Now if Christ is preached that He has been raised from the dead, how do some among you say that there is no resurrection of the dead? (1 Corinthians 15:12)
How Could They Say That?
The members of the body of Christ in Corinth were in a dilemma. Paul referred to them as a church of God. They were called those who had sanctified themselves to Jesus Christ. The letter is addressed to those who were the saints of God. Their example was known everywhere as those who called on the name of Jesus Christ. The Corinthian church was enriched in everything by Christ. As people of God, they had been called into the fellowship of the Son of God, Jesus Christ the Lord. In his letter, the apostle Paul refers to the Corinthians as brethren multiple times. For all practical reasons, the church at Corinth was a model church with all the proper credentials of the pattern of New Testament teaching.
Paul commended the church for their good character as a church of God. Still, he began a long discourse rebuking, chiding, admonishing, instructing, and seeking to correct many false ideas that had permeated the church. Among the many issues facing Corinth, Paul tries to understand how some brethren in Corinth taught there was no resurrection of the dead. There are many things fundamental and essential to the doctrine of Christ. Believing that Jesus was the Son of God is paramount. Accepting that Jesus was crucified on a cross, died, and was buried, arising on the third day, was without question. The whole tenor of faith rested upon a risen Savior. If Christ did not rise from the dead, faith was futile. It is impossible to be a baptized believer if one does not accept that Jesus rose from the dead and is seated at the right hand of God.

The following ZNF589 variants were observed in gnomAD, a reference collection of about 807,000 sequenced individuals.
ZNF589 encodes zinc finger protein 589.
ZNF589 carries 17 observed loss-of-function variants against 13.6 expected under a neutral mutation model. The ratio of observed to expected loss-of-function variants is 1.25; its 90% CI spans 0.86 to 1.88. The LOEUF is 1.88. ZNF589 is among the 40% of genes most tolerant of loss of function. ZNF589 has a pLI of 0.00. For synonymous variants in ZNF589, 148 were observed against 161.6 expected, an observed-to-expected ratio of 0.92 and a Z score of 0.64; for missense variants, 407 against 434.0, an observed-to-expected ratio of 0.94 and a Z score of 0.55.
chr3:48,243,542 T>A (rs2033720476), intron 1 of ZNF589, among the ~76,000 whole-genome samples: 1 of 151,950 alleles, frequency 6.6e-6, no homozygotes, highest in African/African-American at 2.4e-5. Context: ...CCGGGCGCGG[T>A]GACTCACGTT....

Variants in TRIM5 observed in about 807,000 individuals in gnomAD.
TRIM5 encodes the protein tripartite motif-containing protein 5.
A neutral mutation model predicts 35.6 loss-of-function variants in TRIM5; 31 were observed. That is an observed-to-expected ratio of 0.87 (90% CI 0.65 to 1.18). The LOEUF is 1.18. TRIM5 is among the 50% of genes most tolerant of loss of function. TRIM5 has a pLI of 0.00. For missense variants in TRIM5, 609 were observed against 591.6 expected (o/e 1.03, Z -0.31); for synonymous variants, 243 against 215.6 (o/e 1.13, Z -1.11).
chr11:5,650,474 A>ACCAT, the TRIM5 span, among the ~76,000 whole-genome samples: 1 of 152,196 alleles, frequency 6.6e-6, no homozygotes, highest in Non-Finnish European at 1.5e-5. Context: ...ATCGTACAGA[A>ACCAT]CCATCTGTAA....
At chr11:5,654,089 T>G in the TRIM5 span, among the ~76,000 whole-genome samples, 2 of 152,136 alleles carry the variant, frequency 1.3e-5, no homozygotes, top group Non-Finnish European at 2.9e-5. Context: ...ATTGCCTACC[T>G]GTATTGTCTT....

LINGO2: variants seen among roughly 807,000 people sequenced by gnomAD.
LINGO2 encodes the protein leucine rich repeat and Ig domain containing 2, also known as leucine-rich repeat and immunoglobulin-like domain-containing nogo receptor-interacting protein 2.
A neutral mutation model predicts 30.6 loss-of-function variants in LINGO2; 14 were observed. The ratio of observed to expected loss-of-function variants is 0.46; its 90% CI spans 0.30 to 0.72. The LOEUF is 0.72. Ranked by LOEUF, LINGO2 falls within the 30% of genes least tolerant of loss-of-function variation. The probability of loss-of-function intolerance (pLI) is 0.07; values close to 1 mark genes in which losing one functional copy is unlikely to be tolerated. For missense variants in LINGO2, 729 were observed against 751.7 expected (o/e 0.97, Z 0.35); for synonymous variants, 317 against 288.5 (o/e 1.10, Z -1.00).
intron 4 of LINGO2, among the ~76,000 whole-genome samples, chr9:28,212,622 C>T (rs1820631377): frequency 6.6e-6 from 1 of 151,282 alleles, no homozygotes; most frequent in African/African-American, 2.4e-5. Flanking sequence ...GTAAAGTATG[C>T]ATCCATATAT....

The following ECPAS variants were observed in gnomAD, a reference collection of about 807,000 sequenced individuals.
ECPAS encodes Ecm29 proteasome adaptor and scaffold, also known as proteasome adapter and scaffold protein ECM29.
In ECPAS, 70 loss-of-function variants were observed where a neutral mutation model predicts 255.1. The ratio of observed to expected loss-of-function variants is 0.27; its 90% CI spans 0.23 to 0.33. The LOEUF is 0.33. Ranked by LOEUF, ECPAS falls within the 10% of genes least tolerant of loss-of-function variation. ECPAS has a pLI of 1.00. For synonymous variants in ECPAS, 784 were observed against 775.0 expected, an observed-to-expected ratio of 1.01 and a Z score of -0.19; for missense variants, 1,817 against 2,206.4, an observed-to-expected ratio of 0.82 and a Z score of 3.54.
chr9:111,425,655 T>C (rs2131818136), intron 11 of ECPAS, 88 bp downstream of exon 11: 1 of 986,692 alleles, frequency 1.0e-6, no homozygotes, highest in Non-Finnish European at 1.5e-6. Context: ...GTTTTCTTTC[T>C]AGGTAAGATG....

Remarkably, there were those in the Corinthian church that did not believe in the resurrection of the dead. The text does not indicate they denied the resurrection of Jesus. They were teaching the impossibility of the resurrection from the dead in its general sense. Gnostic influences may have led the Christians to try and explain how a man could rise from the dead, what body he would have, and how a person could live in a spiritual body. Paul would address all of these questions. It seems they were trying to unpack the wisdom of God with the tools of men, which is an exercise in futility. Paul will explain through the Holy Spirit the nature of the resurrection, but there are still many questions at the end of the day.
Obviously, if there is no resurrection of the dead, all the stories in the Old Testament and the stories of Jesus and His disciples raising the dead were lies. The greatest lie would have been the resurrection of Jesus – if the dead do not rise. If Jesus did not rise from the dead, faith would be useless. Go home and eat, drink, be merry, and die. There is no purpose to life – if there is no resurrection from the dead. Everything a Christian lives and dies for is useless when the resurrection is denied. There were saints in Corinth who were abandoning their faith for the wisdom of men.
When men turn away from Bible study and prayer, their hearts fill with the wisdom of human reasoning. In time, left unchecked, this will lead the simple-minded away from the only truth that will save them. It is hard to imagine people of God teaching there is no resurrection from the dead. To hear that taught today would be incredible but not surprising. The people of God deny many basic tenets of the gospel—obedience, marriage and divorce, righteousness and holiness, church leadership, and worship. The church of Corinth was a place of great trouble because they began to listen to the wisdom of the world instead of the message of the cross. There is no hope in the cross if there is no empty tomb. An empty tomb means that all of God’s people receive a tomb that will be emptied one day for an eternal crown. Praise God and come quickly, Lord.